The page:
I would direct you to this link as an example of 3D depth mapping with a visual to sound conversion.
I reviewed your page, and I think your method is interesting because of the high speed. I wonder if you will be able to achieve that on SBC's? what were the specs of the system you used? Have you tried it with actual dual camera input? What kind of device are you using to generate depth information?
As the efforts here are all open source, just adhere to the licence requirements, and you can take what you like.
If you came up with something great, and wanted to share, we would love to add it to the growing stack.
With our goal being creating the most economical device, I do foresee one problem, which is this: generating the depth information generally requires two cameras. Cameras are an expensive component, and adding a camera sounds like it would add a lot of cost.
The impression I've gotten from the speed of the raspberry pi's is that as technology improves, it will make efforts like yours achievable. In fact the speed boost going from the rpi 2 to the rpi 3 has completely bridged the gap for the system we've made. any lag seen on the earlier hardware was pretty much eliminated with the exception of some startup lag.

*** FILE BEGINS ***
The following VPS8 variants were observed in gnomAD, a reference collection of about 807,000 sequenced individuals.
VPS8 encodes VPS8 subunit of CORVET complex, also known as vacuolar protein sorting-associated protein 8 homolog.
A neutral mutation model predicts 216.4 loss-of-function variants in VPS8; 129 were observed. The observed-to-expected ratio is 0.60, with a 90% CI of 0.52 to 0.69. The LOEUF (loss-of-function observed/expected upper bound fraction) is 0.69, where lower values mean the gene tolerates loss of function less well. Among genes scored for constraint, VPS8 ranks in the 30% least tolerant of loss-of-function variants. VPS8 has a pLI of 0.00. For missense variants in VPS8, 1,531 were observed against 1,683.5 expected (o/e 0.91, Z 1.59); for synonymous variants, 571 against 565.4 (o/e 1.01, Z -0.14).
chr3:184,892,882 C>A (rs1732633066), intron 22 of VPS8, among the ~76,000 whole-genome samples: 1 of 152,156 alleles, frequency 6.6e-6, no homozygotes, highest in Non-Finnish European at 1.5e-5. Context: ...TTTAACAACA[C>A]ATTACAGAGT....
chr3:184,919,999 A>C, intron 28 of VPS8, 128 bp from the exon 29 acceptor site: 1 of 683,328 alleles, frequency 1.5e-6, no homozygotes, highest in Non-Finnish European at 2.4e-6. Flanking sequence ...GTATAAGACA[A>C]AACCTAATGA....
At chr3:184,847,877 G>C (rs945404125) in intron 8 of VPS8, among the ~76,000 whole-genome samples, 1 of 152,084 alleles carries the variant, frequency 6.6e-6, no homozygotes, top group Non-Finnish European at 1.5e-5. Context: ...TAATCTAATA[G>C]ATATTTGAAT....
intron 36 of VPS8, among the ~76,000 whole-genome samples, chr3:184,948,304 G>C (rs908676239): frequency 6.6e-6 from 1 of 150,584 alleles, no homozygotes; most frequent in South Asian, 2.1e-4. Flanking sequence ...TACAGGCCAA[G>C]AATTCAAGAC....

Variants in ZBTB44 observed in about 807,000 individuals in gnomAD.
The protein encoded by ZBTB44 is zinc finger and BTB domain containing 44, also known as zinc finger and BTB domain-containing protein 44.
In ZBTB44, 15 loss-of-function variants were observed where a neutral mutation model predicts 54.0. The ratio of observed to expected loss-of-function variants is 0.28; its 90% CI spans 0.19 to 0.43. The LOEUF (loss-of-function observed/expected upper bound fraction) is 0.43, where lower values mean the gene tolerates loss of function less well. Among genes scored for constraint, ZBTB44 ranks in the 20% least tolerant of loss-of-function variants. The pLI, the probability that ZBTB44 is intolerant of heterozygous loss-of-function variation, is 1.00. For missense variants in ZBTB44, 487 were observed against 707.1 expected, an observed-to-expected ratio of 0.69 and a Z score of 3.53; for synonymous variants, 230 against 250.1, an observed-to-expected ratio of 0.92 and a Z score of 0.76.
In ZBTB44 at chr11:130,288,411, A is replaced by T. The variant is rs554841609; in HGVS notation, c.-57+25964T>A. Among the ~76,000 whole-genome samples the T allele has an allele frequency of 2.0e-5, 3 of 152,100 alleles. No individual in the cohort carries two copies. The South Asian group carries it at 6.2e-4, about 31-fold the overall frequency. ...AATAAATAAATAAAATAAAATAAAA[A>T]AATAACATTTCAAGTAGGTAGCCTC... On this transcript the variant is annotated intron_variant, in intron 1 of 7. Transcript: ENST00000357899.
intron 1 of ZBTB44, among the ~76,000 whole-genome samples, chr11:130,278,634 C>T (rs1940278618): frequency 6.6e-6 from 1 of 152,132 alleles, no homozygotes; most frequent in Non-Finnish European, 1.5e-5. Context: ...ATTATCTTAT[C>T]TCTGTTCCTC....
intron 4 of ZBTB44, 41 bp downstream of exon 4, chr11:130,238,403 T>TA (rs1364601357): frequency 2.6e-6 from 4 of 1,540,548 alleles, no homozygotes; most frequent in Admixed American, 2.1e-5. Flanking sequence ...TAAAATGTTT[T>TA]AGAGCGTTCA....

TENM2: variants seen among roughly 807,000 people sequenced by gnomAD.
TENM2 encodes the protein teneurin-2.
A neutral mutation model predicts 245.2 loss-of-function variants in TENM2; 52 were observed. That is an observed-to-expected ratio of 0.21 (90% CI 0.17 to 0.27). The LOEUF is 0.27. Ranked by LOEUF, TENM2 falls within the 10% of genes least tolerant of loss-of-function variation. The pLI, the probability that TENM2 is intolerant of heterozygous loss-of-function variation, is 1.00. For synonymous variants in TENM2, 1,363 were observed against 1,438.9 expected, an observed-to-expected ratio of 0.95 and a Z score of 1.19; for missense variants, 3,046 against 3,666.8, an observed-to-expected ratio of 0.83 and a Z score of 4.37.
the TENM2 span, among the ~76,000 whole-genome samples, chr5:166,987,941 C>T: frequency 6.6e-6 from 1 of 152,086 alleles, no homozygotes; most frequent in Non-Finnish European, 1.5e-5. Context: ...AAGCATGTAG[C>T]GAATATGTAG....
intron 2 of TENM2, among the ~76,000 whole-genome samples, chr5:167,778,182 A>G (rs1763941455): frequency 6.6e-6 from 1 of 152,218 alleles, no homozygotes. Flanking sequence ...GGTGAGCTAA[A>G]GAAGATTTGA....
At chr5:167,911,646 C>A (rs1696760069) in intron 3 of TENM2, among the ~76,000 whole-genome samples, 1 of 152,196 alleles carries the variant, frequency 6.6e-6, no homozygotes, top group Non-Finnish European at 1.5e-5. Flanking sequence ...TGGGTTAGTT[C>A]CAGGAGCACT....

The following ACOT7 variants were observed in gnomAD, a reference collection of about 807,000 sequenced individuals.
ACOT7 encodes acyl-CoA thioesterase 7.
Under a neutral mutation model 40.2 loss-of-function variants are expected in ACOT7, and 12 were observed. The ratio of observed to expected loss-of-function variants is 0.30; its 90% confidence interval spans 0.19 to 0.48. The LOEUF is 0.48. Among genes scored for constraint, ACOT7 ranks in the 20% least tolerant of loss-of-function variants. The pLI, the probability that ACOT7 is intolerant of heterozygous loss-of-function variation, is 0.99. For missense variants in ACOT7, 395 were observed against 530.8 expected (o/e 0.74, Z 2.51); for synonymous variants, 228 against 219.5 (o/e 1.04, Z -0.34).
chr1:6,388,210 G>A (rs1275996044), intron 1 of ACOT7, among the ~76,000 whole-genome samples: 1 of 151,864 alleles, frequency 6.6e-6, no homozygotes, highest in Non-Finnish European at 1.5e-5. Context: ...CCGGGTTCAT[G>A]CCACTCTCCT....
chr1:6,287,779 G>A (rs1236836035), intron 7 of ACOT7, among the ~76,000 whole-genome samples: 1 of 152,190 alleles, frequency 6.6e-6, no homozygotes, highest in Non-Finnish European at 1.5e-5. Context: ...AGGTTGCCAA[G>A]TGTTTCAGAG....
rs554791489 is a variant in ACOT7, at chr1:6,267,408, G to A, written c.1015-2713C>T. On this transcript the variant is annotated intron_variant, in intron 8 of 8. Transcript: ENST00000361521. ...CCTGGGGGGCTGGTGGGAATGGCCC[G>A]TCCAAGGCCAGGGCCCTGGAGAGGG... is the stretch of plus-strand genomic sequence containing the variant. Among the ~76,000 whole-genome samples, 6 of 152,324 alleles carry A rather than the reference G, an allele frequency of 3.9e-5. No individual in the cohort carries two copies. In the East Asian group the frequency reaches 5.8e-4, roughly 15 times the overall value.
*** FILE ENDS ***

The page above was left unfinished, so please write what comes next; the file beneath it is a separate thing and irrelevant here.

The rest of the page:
Unfortunately, it has utterly destroyed battery life. The tradeoffs of power/performance are never fun.
At this time, I would actually prefer to produce with the rpi 2 until things mature more with the rpi 3.
We have certainly made the raspberry pi a wearable device, and would be happy to share.
For more detailed information I would refer you to the git repo which has everything from the software to the hardware designs including custom electronics and 3D printable case designs.
As a final note, I have already looked into 3D depth map generating devices that are cheap, and have found that it boils down to used kinect sensors. the old version uses structured light, and the new version uses time of flight. Both were found to have outlandish power requirements (ie. the user would need to wear literally pounds of batteries to get useful lifetimes).
I have seen some compact low power consumption devices that are starting to come out, but it appears the price tag is >$500 USD for the sensor without any other components, and the power draw was still high (about 500 mA at 5V).
If cheap depth could generating devices become ubiquitous, my interest level will elevate substantially.
Or if people can find economical dual camera glasses/ultracompact 3D cameras.
Those are my thoughts, I like what you are doing, and if you can achieve the ultrafast refresh rates you demonstrate I think you have a winning idea.